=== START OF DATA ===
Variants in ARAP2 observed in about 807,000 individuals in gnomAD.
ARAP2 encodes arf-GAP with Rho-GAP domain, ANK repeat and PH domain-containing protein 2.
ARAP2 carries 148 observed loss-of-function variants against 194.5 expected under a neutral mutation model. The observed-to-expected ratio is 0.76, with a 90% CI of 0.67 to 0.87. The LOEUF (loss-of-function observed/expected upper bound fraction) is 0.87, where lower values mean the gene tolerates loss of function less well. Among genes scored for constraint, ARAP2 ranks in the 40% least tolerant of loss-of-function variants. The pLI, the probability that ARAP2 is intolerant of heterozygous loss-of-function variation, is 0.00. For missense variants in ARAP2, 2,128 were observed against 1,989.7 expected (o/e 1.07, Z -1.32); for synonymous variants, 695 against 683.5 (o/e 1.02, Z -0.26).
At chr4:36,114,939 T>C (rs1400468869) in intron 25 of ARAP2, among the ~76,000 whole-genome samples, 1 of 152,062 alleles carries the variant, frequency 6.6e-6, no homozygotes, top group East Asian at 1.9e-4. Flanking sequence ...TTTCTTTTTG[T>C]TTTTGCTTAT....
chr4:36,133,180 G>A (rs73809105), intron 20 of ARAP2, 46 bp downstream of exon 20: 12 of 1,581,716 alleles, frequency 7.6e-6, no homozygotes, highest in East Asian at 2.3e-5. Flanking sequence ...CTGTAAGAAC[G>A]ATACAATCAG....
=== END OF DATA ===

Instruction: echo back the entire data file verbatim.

Variants in ARAP2 observed in about 807,000 individuals in gnomAD.
ARAP2 encodes arf-GAP with Rho-GAP domain, ANK repeat and PH domain-containing protein 2.
ARAP2 carries 148 observed loss-of-function variants against 194.5 expected under a neutral mutation model. The observed-to-expected ratio is 0.76, with a 90% CI of 0.67 to 0.87. The LOEUF (loss-of-function observed/expected upper bound fraction) is 0.87, where lower values mean the gene tolerates loss of function less well. Among genes scored for constraint, ARAP2 ranks in the 40% least tolerant of loss-of-function variants. The pLI, the probability that ARAP2 is intolerant of heterozygous loss-of-function variation, is 0.00. For missense variants in ARAP2, 2,128 were observed against 1,989.7 expected (o/e 1.07, Z -1.32); for synonymous variants, 695 against 683.5 (o/e 1.02, Z -0.26).
At chr4:36,114,939 T>C (rs1400468869) in intron 25 of ARAP2, among the ~76,000 whole-genome samples, 1 of 152,062 alleles carries the variant, frequency 6.6e-6, no homozygotes, top group East Asian at 1.9e-4. Flanking sequence ...TTTCTTTTTG[T>C]TTTTGCTTAT....
chr4:36,133,180 G>A (rs73809105), intron 20 of ARAP2, 46 bp downstream of exon 20: 12 of 1,581,716 alleles, frequency 7.6e-6, no homozygotes, highest in East Asian at 2.3e-5. Flanking sequence ...CTGTAAGAAC[G>A]ATACAATCAG....